The original (and most common) implementation of the termcap library retrieves data from a flat text file. Searching a large termcap file, e.g., 500 kB, can be slow. To aid performance, a utility such as reorder is used to put the most frequently used entries near the beginning of the file.

Hashed database

BSD-4.4 based implementations of termcap store the terminal description in a hashed database (e.g., something like Berkeley DB version 1.85). These store two types of records: aliases which point to the canonical entry, and the canonical entry itself. The text of the termcap entry is stored literally.

Limitations and extensions

The original termcap implementation was designed to use little memory:

  • the first name is two characters, to fit in 16 bits
  • capability names are two characters
  • descriptions are limited to 1023 characters.
  • only one termcap entry with its definitions can be included, and must be at the end.

Newer implementations of the termcap interface generally do not require the two-character name at the beginning of the entry.

Capability names are still two characters in all implementations.

The tgetent function used to read the terminal description uses a buffer whose size must be large enough for the data, and is assumed to be 1024 characters. Newer implementations of the termcap interface may relax this constraint by allowing a null pointer in place of the fixed buffer,[4] or by hiding the data which would not fit, e.g., via the ZZ capability in NetBSD termcap.[5] The terminfo library interface also emulates the termcap interface, and does not actually use the fixed-size buffer.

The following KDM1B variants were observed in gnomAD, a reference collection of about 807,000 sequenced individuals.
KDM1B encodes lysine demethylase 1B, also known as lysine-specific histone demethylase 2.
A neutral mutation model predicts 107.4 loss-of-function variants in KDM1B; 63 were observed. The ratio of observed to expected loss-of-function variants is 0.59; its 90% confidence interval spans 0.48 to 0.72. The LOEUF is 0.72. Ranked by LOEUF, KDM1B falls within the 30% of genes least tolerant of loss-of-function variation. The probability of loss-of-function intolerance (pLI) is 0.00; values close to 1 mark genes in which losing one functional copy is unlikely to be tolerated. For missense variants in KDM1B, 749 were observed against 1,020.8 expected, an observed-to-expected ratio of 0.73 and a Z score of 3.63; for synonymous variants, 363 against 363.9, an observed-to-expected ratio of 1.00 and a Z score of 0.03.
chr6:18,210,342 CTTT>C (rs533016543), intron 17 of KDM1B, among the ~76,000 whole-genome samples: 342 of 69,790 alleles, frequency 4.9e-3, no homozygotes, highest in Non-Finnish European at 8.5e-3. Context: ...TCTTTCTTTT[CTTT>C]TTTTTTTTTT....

The terminfo library’s emulation of termcap allows multiple other entries to be included without restricting the position. A few other newer implementations of the termcap library may also provide this ability, though it is not well documented.[6]

Obsolete features

A special capability, the “hz” capability, was defined specifically to support the Hazeltine 1500 terminal, which had the unfortunate characteristic of using the ASCII tilde character (‘~’) as a control sequence introducer.[7][discuss] In order to support that terminal, not only did code that used the database have to know about using the tilde to introduce certain control sequences, but it also had to know to substitute another printable character for any tildes in the displayed text, since a tilde in the text would be interpreted by the terminal as the start of a control sequence, resulting in missing text and screen garbling.[8] Additionally, attribute markers (such as start and end of underlining) themselves took up space on the screen.[citation needed] Comments in the database source code often referred to this as “Hazeltine braindamage”.[9] Since the Hazeltine 1500 was a widely used terminal in the late 1970s,[citation needed] it was important for applications to be able to deal with its limitations.


  1. ^Peter H. Salus, “The history of Unix is as much about collaboration as it is about technology”, Byte, October 1994.
  2. ^Kenneth C. R. C. Arnold and Elan Amir, “Screen Updating and Cursor Movement Optimization: A Library Package”
  3. ^sys.pdp10 posting
  4. ^The GNU Termcap Library
  5. ^NetBSD termcap file format
  6. ^Discussion of termcap in vi
  7. ^termcap(5) – BSD File Formats Manual
  8. ^Stallman, Richard M. (1992). “The Termcap Library and Database, Second Edition”. Gnu.org. Retrieved 17 May 2014.
  9. ^“termcap.src”. Apple Computer. Retrieved 17 May 2014.